If you haven’t yet learned about the insights of psychologist Mihaly Csikszentmihalyi (pronounced “Mee-high Cheek-sent-mee-high”) regarding optimal and satisfying life experience, you’re missing out. People have been talking about his concept of “flow” since his book, Flow: The Psychology of Optimal Experience, was published in 1990. The basic idea is that when someone is “in the groove” and totally absorbed in an engaging activity, they typically experience a deep sense of satisfaction and enjoyment. He explains that to be in a flow state, we must balance the challenge of the task with our skill level. If the task is much too difficult for us, we will experience anxiety, but if it is well below our skill level, we will be bored. A rewarding engaged experience is found in progressively increasing challenge that can be met by increasing skill. The chart below depicts this.
“Flow” has been a foundational concept for me as I’ve developed my own thoughts about technology and craftsmanship. To choose hand tools is to choose engagement. We all know that there is reward in pushing yourself out of your comfort zone, but this can be taken to the extreme (like anything else). Physical exertion is healthy, but some fashionable workout routines seem to focus more on enduring brutality than on steady, progressive strength building. The rate of burnout is high with this kind of stuff when bodies and emotions go into despair as they cannot keep up.
But the point is not to kill yourself – it’s to grow. Flow researcher Steven Kotler explains that for optimal experience, the challenge should be 4% greater than your skill level. That is, the task should be just out of reach of your comfort zone. Now, if you’re like me, you’re asking yourself, “How in the world do I apply ‘4%’ more challenge to my time in the woodshop?” This is an abstract way to put it. I don’t typically think of hewing or paring joinery in terms of percentages of difficulty, though there’s something to this, I think.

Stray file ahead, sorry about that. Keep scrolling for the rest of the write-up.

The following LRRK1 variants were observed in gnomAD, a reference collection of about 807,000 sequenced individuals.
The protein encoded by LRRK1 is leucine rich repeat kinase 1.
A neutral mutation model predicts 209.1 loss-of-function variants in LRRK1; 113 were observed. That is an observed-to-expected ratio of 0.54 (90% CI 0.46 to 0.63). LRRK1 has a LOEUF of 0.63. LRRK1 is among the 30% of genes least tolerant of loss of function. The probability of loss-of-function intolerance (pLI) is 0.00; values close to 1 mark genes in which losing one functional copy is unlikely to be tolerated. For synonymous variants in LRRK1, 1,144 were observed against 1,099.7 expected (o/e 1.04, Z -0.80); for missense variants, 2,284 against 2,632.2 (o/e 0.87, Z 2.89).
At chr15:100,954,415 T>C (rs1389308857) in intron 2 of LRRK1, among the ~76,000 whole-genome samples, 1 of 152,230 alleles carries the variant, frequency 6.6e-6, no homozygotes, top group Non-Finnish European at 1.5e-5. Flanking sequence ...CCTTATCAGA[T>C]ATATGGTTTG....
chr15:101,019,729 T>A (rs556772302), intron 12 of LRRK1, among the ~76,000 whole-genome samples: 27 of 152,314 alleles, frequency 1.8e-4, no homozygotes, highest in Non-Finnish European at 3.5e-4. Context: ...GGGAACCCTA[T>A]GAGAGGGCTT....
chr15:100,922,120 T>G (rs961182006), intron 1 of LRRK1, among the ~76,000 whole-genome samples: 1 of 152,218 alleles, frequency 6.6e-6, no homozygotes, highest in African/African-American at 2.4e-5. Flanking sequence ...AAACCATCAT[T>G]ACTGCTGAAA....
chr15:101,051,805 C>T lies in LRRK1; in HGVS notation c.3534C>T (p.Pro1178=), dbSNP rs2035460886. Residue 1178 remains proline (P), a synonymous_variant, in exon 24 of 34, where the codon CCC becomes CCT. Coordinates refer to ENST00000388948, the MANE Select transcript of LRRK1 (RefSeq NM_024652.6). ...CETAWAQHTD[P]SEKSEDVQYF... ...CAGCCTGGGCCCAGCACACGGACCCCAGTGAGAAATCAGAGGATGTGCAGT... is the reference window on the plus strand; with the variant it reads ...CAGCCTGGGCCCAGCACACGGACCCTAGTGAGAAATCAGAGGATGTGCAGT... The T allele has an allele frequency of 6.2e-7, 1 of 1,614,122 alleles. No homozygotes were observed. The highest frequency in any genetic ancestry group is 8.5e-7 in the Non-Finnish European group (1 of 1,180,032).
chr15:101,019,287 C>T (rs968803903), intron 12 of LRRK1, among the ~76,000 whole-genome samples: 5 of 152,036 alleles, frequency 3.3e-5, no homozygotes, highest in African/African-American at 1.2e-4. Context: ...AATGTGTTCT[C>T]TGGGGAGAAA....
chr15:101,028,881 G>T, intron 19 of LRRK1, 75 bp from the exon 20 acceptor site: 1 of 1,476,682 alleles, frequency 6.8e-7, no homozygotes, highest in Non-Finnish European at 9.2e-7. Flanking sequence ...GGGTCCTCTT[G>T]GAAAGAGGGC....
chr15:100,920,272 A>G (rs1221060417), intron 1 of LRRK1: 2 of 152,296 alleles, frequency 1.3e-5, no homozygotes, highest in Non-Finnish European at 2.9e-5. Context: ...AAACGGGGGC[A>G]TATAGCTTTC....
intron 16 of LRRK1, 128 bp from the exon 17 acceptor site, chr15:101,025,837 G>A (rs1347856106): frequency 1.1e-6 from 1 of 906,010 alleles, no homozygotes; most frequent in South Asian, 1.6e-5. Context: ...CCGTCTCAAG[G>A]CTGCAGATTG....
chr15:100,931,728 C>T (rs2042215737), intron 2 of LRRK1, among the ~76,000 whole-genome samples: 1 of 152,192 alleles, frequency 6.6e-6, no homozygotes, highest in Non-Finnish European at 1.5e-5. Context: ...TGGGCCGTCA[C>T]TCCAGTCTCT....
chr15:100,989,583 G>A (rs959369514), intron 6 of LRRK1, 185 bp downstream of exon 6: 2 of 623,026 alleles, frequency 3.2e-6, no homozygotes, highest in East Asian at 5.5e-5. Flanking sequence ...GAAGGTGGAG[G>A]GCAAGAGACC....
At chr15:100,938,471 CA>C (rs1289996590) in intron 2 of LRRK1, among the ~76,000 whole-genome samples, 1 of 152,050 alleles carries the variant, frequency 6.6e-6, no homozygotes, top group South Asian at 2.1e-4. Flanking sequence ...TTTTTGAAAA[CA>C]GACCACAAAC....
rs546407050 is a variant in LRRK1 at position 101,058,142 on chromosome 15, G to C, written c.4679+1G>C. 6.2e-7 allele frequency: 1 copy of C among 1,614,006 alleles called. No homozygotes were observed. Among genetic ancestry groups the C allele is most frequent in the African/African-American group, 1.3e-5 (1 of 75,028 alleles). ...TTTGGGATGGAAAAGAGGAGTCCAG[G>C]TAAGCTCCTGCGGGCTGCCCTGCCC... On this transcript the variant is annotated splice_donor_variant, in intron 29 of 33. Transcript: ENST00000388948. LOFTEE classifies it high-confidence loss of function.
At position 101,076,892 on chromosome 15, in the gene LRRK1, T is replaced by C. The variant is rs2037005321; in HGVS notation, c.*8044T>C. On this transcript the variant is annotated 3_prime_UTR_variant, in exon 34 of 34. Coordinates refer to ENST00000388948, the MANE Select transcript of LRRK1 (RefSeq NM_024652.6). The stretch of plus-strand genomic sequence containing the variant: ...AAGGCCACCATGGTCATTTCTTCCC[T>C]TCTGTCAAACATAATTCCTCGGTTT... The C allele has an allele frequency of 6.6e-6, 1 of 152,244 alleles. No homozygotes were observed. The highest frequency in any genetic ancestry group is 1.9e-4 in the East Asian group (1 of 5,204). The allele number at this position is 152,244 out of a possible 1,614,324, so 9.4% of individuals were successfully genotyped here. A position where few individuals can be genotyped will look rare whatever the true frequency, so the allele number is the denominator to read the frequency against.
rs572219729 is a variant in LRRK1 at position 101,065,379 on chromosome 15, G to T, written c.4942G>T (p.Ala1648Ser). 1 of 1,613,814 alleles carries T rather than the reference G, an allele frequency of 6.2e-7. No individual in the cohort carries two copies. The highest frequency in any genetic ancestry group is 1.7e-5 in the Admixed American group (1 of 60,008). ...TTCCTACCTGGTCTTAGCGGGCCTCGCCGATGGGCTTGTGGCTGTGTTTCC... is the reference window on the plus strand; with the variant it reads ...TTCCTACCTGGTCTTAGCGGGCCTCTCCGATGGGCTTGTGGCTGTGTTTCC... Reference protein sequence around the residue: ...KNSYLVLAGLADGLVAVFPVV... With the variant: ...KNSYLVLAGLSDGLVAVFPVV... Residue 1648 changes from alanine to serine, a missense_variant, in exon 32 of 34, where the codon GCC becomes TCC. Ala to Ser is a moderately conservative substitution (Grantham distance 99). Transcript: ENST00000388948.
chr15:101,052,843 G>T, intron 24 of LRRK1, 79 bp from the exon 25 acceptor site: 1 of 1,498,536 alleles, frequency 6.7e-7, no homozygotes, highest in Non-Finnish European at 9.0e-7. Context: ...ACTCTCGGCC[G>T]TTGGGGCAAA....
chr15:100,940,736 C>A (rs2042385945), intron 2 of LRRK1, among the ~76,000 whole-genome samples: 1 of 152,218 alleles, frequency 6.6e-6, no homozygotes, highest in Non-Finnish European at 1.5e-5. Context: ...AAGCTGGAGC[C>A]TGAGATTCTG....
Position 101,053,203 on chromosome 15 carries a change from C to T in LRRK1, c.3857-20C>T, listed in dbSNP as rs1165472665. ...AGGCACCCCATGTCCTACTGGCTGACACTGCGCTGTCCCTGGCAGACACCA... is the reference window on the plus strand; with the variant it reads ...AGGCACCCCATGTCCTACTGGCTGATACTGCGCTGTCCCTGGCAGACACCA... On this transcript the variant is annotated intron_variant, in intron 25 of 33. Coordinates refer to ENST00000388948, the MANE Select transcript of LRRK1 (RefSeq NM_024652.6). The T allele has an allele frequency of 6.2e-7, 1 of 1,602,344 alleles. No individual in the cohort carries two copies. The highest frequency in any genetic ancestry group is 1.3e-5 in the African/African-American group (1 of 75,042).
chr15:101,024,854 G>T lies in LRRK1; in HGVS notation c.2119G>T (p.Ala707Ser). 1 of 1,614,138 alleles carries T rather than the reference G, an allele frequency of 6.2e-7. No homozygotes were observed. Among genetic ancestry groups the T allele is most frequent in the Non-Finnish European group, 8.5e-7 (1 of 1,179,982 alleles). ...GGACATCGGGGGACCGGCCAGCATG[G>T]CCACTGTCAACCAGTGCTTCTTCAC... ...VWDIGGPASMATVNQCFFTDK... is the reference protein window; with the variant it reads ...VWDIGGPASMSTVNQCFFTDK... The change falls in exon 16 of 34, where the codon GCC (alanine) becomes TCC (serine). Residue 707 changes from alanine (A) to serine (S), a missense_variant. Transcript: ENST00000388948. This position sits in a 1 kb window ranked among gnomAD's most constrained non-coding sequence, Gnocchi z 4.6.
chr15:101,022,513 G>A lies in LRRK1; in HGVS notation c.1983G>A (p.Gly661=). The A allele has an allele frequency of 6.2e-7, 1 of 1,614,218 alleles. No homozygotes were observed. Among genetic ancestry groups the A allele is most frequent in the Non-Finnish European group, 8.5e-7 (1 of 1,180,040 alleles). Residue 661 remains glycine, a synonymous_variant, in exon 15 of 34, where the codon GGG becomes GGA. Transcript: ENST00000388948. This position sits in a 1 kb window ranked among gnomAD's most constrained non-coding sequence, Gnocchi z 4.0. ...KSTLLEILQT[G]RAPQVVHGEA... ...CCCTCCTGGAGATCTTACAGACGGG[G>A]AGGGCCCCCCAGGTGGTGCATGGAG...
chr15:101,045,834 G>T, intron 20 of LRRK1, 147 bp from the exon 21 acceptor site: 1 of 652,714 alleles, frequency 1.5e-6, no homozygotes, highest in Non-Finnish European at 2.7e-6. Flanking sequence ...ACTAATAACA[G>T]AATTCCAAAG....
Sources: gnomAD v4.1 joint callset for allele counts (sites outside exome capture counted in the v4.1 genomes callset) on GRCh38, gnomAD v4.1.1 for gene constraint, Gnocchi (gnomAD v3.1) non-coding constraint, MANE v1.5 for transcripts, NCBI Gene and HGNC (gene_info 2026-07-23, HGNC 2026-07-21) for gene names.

It reminds me of a teaching concept in my oldest son’s writing curriculum: EZ+1. Jennifer Mauser of the Institute for Excellence in Writing explains: “To avoid overloading our students with too many expectations and in the process demoralizing them entirely, [Institute for Excellence in Writing] created a reminder for instructors. Calling it EZ+1, it is IEW’s mnemonic that helps us remember to give our students only one new stylistic technique at a time. Students want to do what they think they can do. If there is only one challenging element on that student’s checklist, he is much more willing to attempt it. When a student becomes overwhelmed, believing he cannot succeed, he is much more likely to either refuse to do the assignment at all or simply give it a broad sweep with his pen, never really attempting to expand his skills at all. It mirrors how we as adults respond when we are overburdened in our own lives.”
She then asks, “what does EZ+1 look like in a practical application?” and provides this easy-to-follow method: “Simply adjust your student’s checklist so that he is only working on one technique that challenges him at a time.” Working from a place of familiarity ensures that the one new variable can get enough attention so as not to overwhelm the student. This, in turn, tells you when it is wise to move to the next lesson. “Your student’s progress determines the pace, not the checklist.”
This insight is important for us woodworkers as we take the journey to learn new hand skills: our progress determines our pace. We’re all at different places on this path, but if you maintain the level of challenge “4%” above your skill level by cutting a little closer to the line, completing the task a hair quicker, or tweaking a bit of an existing design, you are likely to find that “flow” sweet spot in your shop work. Over time, as you practice “in the flow,” you will progressively gain competence, having a blast the whole time.
So, give it a shot. Push yourself a little outside your comfort zone. Get that blood pumping. Saw right on that line. The only way to get better is to choose engagement.